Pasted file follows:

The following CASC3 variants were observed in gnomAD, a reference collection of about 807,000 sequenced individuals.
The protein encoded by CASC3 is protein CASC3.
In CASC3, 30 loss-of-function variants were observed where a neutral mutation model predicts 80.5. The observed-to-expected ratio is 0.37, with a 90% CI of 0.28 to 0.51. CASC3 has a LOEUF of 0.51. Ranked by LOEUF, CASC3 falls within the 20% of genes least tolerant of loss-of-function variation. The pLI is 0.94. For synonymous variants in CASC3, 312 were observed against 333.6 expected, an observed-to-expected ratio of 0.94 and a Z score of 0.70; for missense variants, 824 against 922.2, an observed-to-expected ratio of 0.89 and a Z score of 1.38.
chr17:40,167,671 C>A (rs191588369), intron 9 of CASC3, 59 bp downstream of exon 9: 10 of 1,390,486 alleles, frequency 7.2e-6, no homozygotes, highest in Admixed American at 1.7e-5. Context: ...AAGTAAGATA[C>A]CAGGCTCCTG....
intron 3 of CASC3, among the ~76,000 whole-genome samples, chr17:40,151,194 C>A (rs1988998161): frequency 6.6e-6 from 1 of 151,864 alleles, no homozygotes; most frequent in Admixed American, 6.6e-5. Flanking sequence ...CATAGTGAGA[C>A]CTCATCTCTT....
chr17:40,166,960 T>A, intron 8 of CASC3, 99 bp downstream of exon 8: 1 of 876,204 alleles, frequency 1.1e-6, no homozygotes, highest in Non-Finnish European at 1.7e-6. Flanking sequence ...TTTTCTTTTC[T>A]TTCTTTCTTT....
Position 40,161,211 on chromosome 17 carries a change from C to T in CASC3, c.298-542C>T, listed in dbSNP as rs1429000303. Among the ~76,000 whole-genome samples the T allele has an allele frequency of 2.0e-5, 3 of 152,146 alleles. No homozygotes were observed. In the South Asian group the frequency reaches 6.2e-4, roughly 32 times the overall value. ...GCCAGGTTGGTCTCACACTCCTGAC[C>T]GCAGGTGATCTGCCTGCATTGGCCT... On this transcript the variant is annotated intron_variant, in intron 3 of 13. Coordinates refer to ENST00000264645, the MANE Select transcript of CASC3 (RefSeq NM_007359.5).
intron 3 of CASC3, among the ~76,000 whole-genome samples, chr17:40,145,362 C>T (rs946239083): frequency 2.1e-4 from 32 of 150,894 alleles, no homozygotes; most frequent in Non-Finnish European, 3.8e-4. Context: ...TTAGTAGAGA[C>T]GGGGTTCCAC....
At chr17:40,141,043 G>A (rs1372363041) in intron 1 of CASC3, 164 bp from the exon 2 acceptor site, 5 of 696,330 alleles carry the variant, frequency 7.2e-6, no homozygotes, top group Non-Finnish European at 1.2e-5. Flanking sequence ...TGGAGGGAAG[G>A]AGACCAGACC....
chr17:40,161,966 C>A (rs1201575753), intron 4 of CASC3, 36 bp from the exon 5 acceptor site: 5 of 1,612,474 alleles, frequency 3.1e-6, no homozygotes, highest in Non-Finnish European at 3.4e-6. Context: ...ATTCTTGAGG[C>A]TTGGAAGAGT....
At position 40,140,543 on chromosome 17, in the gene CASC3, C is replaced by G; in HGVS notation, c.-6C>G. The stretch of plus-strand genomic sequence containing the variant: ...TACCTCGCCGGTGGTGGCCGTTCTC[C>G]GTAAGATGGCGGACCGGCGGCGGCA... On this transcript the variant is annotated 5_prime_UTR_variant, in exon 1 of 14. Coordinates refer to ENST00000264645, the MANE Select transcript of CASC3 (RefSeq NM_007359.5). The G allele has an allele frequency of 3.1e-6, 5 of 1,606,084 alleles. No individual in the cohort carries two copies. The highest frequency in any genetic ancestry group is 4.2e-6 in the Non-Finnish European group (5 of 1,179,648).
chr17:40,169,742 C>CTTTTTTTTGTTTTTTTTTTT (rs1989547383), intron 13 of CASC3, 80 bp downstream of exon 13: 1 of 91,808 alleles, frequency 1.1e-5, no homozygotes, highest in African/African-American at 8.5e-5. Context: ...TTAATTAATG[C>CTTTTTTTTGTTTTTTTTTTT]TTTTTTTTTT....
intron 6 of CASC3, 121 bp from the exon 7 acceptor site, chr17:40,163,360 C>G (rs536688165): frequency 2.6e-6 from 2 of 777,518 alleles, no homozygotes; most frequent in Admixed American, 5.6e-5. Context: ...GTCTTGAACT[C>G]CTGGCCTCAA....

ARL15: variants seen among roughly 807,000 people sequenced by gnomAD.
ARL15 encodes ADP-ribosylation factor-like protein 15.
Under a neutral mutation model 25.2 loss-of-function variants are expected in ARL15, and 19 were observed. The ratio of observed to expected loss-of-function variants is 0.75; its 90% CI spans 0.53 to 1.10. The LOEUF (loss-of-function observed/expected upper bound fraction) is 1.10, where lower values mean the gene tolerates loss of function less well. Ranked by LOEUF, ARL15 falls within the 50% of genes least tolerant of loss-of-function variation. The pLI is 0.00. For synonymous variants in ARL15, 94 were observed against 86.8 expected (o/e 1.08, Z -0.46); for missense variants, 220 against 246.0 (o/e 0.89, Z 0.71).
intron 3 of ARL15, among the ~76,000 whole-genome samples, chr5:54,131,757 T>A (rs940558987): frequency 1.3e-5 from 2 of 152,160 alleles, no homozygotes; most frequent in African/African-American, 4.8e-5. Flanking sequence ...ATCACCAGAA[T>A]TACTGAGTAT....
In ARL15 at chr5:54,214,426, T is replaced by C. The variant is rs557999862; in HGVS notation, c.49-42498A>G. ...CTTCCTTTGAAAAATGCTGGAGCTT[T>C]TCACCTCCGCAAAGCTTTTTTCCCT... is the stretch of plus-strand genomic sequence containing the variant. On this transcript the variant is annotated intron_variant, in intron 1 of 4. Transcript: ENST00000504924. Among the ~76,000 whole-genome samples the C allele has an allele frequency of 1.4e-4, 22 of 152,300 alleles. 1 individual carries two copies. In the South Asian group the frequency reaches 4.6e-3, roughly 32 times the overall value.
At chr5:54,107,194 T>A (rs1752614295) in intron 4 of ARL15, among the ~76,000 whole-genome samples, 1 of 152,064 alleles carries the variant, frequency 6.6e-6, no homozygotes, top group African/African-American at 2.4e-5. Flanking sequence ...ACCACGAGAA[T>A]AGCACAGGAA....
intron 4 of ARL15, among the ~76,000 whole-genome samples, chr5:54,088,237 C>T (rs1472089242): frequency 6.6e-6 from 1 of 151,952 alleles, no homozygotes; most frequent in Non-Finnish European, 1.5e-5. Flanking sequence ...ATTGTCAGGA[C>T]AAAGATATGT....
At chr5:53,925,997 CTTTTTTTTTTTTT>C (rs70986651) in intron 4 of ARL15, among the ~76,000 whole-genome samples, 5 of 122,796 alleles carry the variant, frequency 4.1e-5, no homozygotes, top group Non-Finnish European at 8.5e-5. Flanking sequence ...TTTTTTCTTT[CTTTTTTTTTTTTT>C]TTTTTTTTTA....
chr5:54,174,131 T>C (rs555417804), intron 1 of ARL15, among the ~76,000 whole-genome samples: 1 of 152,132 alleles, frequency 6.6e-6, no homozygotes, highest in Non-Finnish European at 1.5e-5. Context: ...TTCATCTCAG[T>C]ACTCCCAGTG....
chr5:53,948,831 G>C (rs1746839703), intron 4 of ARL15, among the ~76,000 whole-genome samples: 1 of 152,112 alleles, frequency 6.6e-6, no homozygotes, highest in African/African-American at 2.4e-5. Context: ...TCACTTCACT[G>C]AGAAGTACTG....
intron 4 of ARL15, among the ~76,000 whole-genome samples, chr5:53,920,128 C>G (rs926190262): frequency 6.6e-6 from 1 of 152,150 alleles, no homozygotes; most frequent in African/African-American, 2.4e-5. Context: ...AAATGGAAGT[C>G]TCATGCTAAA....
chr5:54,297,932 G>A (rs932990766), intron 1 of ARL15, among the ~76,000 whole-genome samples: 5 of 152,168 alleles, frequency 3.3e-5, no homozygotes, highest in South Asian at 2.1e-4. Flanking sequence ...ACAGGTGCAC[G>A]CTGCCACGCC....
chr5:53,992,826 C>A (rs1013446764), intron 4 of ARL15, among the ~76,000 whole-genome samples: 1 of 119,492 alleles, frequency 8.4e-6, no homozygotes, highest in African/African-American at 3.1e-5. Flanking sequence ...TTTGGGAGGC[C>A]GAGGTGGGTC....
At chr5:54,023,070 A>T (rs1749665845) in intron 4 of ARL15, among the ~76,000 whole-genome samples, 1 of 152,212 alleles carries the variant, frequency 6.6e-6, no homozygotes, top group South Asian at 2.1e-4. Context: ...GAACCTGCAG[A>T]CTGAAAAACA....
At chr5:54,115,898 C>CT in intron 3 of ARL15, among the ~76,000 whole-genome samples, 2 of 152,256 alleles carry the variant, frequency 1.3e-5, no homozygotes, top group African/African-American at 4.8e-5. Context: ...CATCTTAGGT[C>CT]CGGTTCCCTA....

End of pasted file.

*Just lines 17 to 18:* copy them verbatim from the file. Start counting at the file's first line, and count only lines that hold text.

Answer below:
intron 3 of ARL15, among the ~76,000 whole-genome samples, chr5:54,131,757 T>A (rs940558987): frequency 1.3e-5 from 2 of 152,160 alleles, no homozygotes; most frequent in African/African-American, 4.8e-5. Flanking sequence ...ATCACCAGAA[T>A]TACTGAGTAT....
In ARL15 at chr5:54,214,426, T is replaced by C. The variant is rs557999862; in HGVS notation, c.49-42498A>G. ...CTTCCTTTGAAAAATGCTGGAGCTT[T>C]TCACCTCCGCAAAGCTTTTTTCCCT... is the stretch of plus-strand genomic sequence containing the variant. On this transcript the variant is annotated intron_variant, in intron 1 of 4. Transcript: ENST00000504924. Among the ~76,000 whole-genome samples the C allele has an allele frequency of 1.4e-4, 22 of 152,300 alleles. 1 individual carries two copies. In the South Asian group the frequency reaches 4.6e-3, roughly 32 times the overall value.